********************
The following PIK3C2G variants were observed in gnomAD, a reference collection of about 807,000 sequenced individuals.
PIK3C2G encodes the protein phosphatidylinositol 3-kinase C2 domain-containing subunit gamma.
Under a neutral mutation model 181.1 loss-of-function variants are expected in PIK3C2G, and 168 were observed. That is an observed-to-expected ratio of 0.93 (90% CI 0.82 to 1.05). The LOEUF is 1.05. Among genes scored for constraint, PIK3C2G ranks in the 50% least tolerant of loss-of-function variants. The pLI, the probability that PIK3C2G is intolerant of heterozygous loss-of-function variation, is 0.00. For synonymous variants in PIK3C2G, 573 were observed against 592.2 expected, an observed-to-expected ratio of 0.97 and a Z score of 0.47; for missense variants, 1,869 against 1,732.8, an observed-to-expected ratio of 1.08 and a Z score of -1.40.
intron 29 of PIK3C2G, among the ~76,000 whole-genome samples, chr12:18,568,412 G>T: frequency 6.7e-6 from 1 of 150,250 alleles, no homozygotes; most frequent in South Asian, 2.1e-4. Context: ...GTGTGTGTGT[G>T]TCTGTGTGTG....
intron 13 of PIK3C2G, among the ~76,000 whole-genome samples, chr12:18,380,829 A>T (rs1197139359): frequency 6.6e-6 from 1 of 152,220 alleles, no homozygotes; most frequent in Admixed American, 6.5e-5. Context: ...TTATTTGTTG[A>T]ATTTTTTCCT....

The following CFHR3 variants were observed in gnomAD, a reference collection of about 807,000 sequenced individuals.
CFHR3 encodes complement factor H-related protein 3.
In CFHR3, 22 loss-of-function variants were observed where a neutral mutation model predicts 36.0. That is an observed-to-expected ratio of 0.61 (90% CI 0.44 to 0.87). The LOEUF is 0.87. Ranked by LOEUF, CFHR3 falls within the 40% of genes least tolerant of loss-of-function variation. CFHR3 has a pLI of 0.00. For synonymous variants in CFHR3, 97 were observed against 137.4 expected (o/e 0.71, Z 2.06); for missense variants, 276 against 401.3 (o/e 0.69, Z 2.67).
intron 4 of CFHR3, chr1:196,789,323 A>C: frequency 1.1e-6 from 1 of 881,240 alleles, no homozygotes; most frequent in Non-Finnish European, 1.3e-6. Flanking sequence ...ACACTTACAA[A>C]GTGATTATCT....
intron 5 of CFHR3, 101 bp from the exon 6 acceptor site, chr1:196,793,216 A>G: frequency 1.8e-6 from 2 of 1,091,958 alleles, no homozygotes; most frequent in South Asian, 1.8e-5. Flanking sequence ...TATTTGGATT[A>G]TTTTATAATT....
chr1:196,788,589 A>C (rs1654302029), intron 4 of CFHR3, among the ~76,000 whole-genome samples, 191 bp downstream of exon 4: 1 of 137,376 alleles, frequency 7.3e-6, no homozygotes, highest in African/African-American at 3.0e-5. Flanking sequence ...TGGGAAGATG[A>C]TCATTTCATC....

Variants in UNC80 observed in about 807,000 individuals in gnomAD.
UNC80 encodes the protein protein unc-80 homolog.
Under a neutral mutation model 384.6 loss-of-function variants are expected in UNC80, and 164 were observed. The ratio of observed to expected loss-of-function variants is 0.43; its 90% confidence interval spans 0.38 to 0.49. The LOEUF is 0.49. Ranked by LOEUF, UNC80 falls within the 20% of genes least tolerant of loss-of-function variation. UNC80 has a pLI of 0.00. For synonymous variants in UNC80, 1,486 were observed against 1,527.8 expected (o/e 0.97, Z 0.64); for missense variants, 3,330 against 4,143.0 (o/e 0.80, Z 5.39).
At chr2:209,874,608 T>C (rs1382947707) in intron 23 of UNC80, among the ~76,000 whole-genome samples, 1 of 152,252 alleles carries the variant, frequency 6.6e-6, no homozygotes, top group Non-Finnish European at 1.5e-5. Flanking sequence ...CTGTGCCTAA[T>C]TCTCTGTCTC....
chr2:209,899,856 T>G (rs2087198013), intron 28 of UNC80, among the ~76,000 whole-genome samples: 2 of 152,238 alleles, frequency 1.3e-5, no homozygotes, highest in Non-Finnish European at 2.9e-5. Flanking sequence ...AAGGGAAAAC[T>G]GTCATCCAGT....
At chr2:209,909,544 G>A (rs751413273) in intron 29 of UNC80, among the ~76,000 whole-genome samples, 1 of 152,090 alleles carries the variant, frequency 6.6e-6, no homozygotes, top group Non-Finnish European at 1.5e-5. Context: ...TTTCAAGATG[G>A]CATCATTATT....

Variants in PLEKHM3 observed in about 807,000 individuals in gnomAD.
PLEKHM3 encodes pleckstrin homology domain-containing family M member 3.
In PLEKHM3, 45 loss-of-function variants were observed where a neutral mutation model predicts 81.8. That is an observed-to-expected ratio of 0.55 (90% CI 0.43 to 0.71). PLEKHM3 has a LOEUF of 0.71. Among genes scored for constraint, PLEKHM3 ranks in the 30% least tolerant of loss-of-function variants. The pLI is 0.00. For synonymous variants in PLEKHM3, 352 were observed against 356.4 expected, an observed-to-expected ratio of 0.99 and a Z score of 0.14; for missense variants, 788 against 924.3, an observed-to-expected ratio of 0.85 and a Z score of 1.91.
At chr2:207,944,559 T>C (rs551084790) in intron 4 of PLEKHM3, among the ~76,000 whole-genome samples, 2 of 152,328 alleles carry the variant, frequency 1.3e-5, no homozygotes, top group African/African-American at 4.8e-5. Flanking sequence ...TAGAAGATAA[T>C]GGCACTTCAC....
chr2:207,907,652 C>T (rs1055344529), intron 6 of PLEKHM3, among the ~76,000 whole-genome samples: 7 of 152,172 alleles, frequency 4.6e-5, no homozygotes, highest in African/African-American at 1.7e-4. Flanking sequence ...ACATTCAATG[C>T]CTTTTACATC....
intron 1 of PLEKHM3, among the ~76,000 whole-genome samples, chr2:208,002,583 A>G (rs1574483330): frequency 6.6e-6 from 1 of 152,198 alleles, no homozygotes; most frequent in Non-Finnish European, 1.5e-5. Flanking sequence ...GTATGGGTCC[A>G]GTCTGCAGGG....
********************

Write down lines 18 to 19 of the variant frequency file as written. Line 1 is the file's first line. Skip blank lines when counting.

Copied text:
Variants in PLEKHM3 observed in about 807,000 individuals in gnomAD.
PLEKHM3 encodes pleckstrin homology domain-containing family M member 3.